Friday, August 13, 1999 Published at 08:42 GMT 09:42 UK
Pressure grows for tougher US gun laws
The sisters and mother of victim Joseph Ileto: 'Killed because of colour'
The Clinton Administration has given a strong sign that it is ready to take on America's powerful gun lobby.
Ms Reno called for a gun licensing system requiring owners to pass a test proving they were responsible.
Her comments came on the day white supremacist Buford Furrow was charged with eight counts relating to the shooting spree at the Jewish community centre and the murder of a Filipino-American postal worker.
Vice-president Al Gore added his voice to the debate, saying children and families needed more protection - not gun manufacturers.
Restrictions which this time last year would have been considered politically unacceptable are being advocated by a growing number of politicians from left and right.
Columbine student charged
The debate is likely to resurface on Friday at a news conference given by students from the Columbine high school, where 13 people were killed by two pupils in April.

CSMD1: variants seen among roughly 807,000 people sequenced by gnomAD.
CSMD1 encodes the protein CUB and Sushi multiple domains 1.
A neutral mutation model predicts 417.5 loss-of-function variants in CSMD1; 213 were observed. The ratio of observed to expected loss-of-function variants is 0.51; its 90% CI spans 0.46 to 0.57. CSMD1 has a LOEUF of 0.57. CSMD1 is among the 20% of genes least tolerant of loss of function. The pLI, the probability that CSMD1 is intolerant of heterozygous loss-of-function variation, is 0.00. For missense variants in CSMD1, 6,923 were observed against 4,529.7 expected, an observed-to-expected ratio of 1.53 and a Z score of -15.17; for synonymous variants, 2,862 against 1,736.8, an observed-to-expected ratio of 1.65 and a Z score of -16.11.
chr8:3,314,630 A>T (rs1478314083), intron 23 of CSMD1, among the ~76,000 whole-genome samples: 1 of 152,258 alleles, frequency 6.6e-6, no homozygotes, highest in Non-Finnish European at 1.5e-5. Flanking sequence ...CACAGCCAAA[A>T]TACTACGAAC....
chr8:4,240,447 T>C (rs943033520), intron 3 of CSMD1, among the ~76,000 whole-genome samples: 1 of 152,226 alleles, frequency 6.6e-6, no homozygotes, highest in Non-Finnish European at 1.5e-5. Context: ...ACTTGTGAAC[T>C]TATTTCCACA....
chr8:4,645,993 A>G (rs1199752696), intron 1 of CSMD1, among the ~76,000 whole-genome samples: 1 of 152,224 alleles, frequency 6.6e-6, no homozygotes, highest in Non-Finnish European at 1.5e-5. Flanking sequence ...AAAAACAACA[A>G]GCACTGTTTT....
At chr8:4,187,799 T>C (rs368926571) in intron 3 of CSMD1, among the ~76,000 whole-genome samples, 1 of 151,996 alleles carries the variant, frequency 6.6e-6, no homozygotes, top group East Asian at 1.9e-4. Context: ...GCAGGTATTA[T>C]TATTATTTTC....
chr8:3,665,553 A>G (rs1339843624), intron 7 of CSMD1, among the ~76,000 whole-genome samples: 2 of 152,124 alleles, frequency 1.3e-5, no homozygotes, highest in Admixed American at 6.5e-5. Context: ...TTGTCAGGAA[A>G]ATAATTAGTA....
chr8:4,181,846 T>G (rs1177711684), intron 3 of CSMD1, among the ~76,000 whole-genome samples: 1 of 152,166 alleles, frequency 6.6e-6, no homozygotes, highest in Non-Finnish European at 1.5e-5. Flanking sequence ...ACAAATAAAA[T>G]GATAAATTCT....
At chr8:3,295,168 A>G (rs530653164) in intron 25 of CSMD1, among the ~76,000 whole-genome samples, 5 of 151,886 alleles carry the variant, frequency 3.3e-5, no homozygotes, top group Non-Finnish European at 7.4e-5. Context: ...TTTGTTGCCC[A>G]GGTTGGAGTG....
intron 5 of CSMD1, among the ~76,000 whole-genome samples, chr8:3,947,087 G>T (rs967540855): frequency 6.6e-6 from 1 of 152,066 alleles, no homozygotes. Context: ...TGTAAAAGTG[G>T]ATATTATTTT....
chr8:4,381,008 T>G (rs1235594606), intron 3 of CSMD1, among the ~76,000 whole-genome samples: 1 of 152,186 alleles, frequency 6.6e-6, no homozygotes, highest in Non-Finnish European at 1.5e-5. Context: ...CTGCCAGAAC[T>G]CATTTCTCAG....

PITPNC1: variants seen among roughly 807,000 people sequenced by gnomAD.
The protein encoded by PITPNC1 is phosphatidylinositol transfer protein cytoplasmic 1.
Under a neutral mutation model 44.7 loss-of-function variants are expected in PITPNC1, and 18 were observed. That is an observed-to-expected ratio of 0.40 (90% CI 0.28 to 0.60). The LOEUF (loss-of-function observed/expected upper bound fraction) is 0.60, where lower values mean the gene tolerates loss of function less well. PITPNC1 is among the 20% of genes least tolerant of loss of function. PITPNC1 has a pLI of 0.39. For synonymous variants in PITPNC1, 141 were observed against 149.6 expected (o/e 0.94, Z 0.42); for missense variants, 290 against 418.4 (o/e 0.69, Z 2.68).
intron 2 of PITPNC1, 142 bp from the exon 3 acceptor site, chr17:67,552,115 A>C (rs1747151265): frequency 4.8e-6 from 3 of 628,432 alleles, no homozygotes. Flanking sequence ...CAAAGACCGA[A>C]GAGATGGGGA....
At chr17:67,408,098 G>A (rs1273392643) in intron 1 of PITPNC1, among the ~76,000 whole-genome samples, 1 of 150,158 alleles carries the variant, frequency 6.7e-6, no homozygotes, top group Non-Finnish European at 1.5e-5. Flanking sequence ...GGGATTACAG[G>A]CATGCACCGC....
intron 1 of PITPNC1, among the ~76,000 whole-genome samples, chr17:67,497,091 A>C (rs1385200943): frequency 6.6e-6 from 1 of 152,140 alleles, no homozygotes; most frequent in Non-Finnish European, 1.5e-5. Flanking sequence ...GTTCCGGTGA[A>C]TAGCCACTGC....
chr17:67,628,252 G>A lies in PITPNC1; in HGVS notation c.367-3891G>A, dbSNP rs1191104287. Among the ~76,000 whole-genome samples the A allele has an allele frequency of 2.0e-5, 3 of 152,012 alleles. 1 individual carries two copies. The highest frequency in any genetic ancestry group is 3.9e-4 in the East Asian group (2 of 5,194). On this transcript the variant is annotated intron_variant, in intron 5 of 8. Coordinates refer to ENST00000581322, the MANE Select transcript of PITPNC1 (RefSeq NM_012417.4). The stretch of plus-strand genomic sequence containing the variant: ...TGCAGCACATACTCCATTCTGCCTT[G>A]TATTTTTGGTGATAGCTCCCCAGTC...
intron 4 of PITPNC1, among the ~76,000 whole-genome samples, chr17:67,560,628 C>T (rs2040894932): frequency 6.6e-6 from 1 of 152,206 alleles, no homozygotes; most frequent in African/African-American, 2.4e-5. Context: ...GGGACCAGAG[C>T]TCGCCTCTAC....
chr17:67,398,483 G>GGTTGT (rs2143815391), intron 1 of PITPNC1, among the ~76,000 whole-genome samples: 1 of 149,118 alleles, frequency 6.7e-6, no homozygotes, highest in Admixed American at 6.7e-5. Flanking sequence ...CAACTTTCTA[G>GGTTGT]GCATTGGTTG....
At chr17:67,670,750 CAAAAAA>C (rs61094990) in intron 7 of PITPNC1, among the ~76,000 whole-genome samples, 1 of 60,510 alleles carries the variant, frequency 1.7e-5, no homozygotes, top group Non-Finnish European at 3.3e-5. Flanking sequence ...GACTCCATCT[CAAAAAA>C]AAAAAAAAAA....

The school is due to reopen on Monday.
On Wednesday, a judge ruled that a 15-year-old boy accused of attacking six classmates at his high school a month after the Columbine massacre should be tried as an adult.
When Congress returns from its summer recess, it is likely to come under pressure to pass some kind of gun reform.
However, earlier this year it failed to agree on whether to allow background checks on people buying guns from trade shows.
The latest shooting incident has also raised concern over race-hate crimes.
The murder charge includes the allegation that it was racially motivated which means Mr Furrow could face the death penalty.
Mr Furrow is reported to have told the FBI that he wanted to issue a "wake-up call to America to kill Jews".
President Clinton said the motives for the Los Angeles shootings appeared to be deeply disturbing.
"I can only hope that this latest incident will intensify our resolve to make America a safer place, a place of healing across the lines that divide us," he added.
'They all like me'
At a brief court hearing, Mr Furrow, who was shackled and handcuffed, glanced at reporters in the courtroom and whispered loudly to his lawyer: "They all like me".
US Attorney Alejandro Mayorkas said Mr Furrow would also face federal charges, although officials had not yet decided whether to bring federal hate-crime charges.